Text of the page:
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Paraguay Happiest Nation in World, Says Gallup Poll on Well-Being

Image: Paraguay Happiest Nation in World, Says Gallup Poll on Well-Being

By Michael Mullins   |   Thursday, 22 May 2014 09:53 AM

'Paraguay Happiest Nation in the World' – that's the headline from Gallup's latest poll on well-being.

Sandwiched between Brazil to its north and Argentina to its south, the 6.5 million person South American nation scored highest on the polling company positive emotions index with 87 percent of respondents claiming to have experienced a positive emotion the day before, such as laughing or feeling well-rested or being treated with respect, The Wall Street Journal reported.

This is the third year in a row that Paraguay has topped the list. It was followed by Guatemala, Nicaragua and Ecuador.

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"We know in Latin America culturally, there are a lot of highly positive emotions," Jon Clifton, managing director of the Gallup World Poll, said in response to the survey. "It is a pretty emotional culture."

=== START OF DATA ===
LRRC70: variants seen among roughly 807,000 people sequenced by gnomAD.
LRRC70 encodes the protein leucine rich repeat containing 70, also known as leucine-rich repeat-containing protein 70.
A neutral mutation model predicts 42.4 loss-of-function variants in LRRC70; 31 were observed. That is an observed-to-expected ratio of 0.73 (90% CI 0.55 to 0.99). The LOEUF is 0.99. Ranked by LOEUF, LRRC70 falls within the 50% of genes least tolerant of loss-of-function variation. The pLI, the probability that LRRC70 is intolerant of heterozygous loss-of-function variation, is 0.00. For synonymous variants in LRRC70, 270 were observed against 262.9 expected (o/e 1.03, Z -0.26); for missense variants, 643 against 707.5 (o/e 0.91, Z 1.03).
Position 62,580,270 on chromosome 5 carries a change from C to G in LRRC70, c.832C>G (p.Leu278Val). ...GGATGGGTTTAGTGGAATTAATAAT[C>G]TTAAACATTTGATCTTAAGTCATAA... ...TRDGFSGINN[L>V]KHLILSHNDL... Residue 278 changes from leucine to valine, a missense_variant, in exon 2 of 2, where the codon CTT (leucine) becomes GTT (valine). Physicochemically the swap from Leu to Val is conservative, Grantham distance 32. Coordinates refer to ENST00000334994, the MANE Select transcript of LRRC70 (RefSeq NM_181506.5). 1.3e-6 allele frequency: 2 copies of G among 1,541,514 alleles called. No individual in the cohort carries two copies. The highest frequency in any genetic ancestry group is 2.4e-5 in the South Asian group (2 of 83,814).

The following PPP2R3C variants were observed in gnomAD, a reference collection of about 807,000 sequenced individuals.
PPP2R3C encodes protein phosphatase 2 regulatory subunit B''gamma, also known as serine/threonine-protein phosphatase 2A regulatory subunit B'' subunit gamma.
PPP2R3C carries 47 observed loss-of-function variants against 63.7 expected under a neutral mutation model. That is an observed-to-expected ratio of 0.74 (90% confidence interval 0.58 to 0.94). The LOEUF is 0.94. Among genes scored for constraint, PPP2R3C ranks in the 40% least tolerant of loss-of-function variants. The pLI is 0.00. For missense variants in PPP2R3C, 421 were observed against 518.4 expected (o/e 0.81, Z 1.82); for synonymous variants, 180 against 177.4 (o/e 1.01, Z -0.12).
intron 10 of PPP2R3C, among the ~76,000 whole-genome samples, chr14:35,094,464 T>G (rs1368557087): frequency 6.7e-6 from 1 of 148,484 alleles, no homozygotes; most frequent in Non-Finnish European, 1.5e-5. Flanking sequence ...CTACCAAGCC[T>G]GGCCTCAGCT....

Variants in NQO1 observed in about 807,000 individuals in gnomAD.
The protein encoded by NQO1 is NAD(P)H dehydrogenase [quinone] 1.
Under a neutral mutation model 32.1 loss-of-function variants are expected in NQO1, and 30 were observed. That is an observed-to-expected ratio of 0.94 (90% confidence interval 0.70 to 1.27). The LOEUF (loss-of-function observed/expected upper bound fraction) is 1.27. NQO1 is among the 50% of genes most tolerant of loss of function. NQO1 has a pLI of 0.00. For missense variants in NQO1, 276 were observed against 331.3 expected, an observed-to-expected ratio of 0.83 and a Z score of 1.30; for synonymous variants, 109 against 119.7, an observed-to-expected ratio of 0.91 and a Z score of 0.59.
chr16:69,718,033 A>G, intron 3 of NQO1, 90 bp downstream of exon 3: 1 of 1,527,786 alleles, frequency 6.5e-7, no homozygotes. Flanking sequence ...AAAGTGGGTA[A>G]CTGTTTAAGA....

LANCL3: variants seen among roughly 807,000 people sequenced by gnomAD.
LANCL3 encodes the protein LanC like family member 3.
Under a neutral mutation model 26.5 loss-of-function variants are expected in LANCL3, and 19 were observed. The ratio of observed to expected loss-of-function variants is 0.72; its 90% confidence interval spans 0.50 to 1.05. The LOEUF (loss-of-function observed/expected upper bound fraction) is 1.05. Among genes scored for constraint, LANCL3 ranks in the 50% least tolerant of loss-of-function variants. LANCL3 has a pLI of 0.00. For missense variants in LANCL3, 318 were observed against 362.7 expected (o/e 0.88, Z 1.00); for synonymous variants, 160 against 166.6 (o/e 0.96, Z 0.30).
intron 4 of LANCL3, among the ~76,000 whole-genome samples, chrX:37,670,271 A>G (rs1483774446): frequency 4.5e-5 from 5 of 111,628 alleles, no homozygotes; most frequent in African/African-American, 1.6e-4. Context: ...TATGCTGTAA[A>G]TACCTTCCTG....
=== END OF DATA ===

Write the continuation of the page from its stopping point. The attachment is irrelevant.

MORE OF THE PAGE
The only non-Latin American country to make Gallup's top 10 of happy nations was Denmark, which traditionally has a happy populace, came in at 8th place.

In contrast, the Gallup survey found that Syria, with its ongoing civil war that continues to tear apart the country, was the least happy nation in the world for the second year in a row, NBC News noted. Just 36 percent of respondents in the unhappy Middle Eastern nation experienced happiness within the past 24 hours, according to Gallup.

The United States was tied with Chile, Argentina and Sweden for 19th place on the survey.

According to Gallup, 70 percent of adults overall around the world say they are frequently laughing, smiling or enjoying themselves, The Wall Street Journal noted.

While money doesn't necessarily buy happiness it sure does help according to the poll, which found that individuals who earn more money tend to report higher positive emotions, with a 10-percentage-point gap globally between the highest and lowest income brackets.

With a sampling error of plus or minus 1 percent, the Gallup poll was based on a series of telephone and face-to-face interviews taken in 2013 involving approximately 1,000 individuals, ages 15 and up, in each of the 138 countries surveyed.

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